In my former agency, captains were office staff—white shirts, pancake holsters, etc. No Sam Brown’s for Capt. Crunch. Patrol lieutenants were also issued white shirts, but I always bucked the system and wore navy blue. I was also one of the first watch commanders to get a mobile phone installed in my squad because I spent more time on the road than in my office. I think Chad and Scott were like that, too.
A Three-Step Process
Because of my background and duties as a firearms and force trainer, I found it easy to stay tuned into the street. Other bosses in my agency? Not so much. I believe it’s important for bosses to maintain their tactical edge. To do so, follow my three-step process. It will help you thrive and survive on the street and motivate your young street dogs to think tactically.
First, go to as many street schools as you can. I know duty-time schools are few and far between, so you might have to dig deep into your own pockets and take some vacation or lost time to go, but think about it: When you factor in how much information you’ll take home, how much you’ll be able to apply when you get back, the tuition to a Calibre Press Street Survival Seminar, a TeamOne Network or an Armiger Police Training course is just pennies compared to the knowledge you’ll gain from one of these programs. Even a two-day, high-risk vehicle stop course or a one-day street narcotics seminar will prove very informative.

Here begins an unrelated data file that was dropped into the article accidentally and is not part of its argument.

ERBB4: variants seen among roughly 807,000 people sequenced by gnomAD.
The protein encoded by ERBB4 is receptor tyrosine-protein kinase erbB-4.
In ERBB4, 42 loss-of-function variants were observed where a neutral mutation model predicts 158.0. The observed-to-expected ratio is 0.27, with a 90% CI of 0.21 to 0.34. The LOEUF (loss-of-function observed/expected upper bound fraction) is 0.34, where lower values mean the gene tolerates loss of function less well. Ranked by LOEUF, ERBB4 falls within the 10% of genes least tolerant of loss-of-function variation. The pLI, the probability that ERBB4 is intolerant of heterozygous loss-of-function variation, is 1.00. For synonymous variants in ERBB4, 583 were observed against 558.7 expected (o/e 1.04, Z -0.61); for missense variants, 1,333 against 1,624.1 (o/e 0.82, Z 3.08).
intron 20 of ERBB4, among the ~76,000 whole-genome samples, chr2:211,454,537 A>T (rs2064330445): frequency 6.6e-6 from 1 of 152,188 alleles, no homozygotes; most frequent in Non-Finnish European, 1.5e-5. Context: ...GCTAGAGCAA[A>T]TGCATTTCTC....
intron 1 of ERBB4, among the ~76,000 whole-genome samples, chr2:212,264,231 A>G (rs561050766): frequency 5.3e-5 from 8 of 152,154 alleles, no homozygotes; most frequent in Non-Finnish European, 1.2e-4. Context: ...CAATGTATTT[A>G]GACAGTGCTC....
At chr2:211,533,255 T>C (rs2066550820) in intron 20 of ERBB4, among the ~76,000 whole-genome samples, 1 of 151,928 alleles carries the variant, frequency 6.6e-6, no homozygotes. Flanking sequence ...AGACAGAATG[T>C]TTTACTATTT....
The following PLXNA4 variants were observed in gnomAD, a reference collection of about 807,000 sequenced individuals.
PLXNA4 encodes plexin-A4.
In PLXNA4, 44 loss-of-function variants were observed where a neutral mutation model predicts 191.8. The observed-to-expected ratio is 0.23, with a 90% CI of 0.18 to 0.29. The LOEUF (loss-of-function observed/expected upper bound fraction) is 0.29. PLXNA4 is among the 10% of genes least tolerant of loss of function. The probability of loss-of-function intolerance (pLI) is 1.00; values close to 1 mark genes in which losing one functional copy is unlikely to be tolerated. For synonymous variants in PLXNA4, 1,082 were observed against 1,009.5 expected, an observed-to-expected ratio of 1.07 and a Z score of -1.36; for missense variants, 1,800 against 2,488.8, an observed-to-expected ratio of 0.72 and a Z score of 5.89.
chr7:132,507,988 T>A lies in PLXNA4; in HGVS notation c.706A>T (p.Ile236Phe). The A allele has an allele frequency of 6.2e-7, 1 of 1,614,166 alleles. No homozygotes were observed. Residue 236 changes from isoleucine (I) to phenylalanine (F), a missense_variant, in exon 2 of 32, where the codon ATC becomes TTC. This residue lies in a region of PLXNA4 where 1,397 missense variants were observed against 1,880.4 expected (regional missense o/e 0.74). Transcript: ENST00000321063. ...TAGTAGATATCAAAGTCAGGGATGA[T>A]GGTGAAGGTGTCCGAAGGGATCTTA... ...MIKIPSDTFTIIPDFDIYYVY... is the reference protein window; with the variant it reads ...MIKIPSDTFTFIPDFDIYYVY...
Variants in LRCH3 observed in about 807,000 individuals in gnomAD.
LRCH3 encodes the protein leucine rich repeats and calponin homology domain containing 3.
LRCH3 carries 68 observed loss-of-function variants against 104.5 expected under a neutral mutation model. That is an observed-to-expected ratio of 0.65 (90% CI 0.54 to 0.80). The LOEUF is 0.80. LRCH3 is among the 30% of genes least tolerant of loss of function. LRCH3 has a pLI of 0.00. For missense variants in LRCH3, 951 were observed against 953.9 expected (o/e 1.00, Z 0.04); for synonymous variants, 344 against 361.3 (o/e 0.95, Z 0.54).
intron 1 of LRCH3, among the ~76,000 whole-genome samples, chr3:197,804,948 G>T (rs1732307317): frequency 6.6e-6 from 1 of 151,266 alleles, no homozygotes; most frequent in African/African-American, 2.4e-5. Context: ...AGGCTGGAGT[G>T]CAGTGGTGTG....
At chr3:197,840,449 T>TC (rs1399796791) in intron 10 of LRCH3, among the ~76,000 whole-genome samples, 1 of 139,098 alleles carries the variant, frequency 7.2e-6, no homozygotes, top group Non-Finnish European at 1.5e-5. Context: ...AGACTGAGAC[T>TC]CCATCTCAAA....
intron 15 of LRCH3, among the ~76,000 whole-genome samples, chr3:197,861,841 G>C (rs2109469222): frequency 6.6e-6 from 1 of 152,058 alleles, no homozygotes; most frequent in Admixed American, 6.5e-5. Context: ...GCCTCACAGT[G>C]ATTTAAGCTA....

Second, get out on the street as much as you can. Performance evaluations and personnel and discipline issues take a lot of time, but there’s always time during your shift to get out there and roll in on a few jobs with your charges. You’d be surprised how much your presence will motivate your young patrol officers and it’s part of your job to supervise. There’s no better way to evaluate how your subordinates are doing their jobs than to see and observe from up close. Your job is to evaluate how well your sergeants are supervising. You can’t do that by ridin’ the pine for eight hours.
Third, visit www.lawofficer.com and keyword search “Complacency Quiz.” Retired Sgt. Guy Rossi and I co-authored the quiz. See how much of that tactical edge you’ve lost. Don’t be embarrassed. It’s a self-test quiz and only you’ll know how you’ve done. If you need a little jump start to your street tactics, you’ll know as soon as you’ve scored the quiz. Let me know how you do.
Author’s Note: This month’s Tactics column is dedicated to the memory of Florida Sheriff’s Captains Chad Reed and Scott Bielwiler, Zone Partners for Life.
How to Maintain Your Tactical Edge
1. Attend training classes—and often.
2. Get out on the street as frequently as possible.
3. Take the Complacency Quiz (visit www.lawofficer.com & keyword search “Complacency Quiz”), and adjust your skills as needed.
Dave Grossi is a retired Lieutenant from New York. Dave has served as a patrol officer, undercover narcotics investigator, detective, sergeant, and lieutenant. Dave is an expert in nearly every force discipline and has testified as an expert witness in use of force cases in the United States and abroad.